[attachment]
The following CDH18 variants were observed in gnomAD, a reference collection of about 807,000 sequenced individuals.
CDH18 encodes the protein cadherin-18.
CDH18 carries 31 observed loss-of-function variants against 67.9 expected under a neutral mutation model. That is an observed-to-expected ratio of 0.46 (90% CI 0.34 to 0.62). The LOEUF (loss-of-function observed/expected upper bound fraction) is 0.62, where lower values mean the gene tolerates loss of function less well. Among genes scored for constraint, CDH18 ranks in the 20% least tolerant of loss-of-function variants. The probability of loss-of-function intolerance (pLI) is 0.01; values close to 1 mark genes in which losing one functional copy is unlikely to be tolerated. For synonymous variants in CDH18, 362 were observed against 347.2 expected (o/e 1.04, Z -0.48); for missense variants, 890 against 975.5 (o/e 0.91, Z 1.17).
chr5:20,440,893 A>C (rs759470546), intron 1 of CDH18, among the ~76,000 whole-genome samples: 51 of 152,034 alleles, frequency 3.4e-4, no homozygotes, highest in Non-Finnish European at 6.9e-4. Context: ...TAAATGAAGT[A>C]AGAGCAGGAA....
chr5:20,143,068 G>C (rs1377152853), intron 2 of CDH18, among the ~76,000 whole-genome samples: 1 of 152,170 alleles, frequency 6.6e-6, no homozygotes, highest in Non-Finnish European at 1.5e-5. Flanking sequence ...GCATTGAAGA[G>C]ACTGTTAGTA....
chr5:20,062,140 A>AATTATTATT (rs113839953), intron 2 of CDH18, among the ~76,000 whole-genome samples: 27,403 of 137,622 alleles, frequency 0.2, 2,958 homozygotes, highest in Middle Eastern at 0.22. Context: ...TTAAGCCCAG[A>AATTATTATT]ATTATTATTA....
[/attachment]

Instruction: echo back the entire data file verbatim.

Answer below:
The following CDH18 variants were observed in gnomAD, a reference collection of about 807,000 sequenced individuals.
CDH18 encodes the protein cadherin-18.
CDH18 carries 31 observed loss-of-function variants against 67.9 expected under a neutral mutation model. That is an observed-to-expected ratio of 0.46 (90% CI 0.34 to 0.62). The LOEUF (loss-of-function observed/expected upper bound fraction) is 0.62, where lower values mean the gene tolerates loss of function less well. Among genes scored for constraint, CDH18 ranks in the 20% least tolerant of loss-of-function variants. The probability of loss-of-function intolerance (pLI) is 0.01; values close to 1 mark genes in which losing one functional copy is unlikely to be tolerated. For synonymous variants in CDH18, 362 were observed against 347.2 expected (o/e 1.04, Z -0.48); for missense variants, 890 against 975.5 (o/e 0.91, Z 1.17).
chr5:20,440,893 A>C (rs759470546), intron 1 of CDH18, among the ~76,000 whole-genome samples: 51 of 152,034 alleles, frequency 3.4e-4, no homozygotes, highest in Non-Finnish European at 6.9e-4. Context: ...TAAATGAAGT[A>C]AGAGCAGGAA....
chr5:20,143,068 G>C (rs1377152853), intron 2 of CDH18, among the ~76,000 whole-genome samples: 1 of 152,170 alleles, frequency 6.6e-6, no homozygotes, highest in Non-Finnish European at 1.5e-5. Flanking sequence ...GCATTGAAGA[G>C]ACTGTTAGTA....
chr5:20,062,140 A>AATTATTATT (rs113839953), intron 2 of CDH18, among the ~76,000 whole-genome samples: 27,403 of 137,622 alleles, frequency 0.2, 2,958 homozygotes, highest in Middle Eastern at 0.22. Context: ...TTAAGCCCAG[A>AATTATTATT]ATTATTATTA....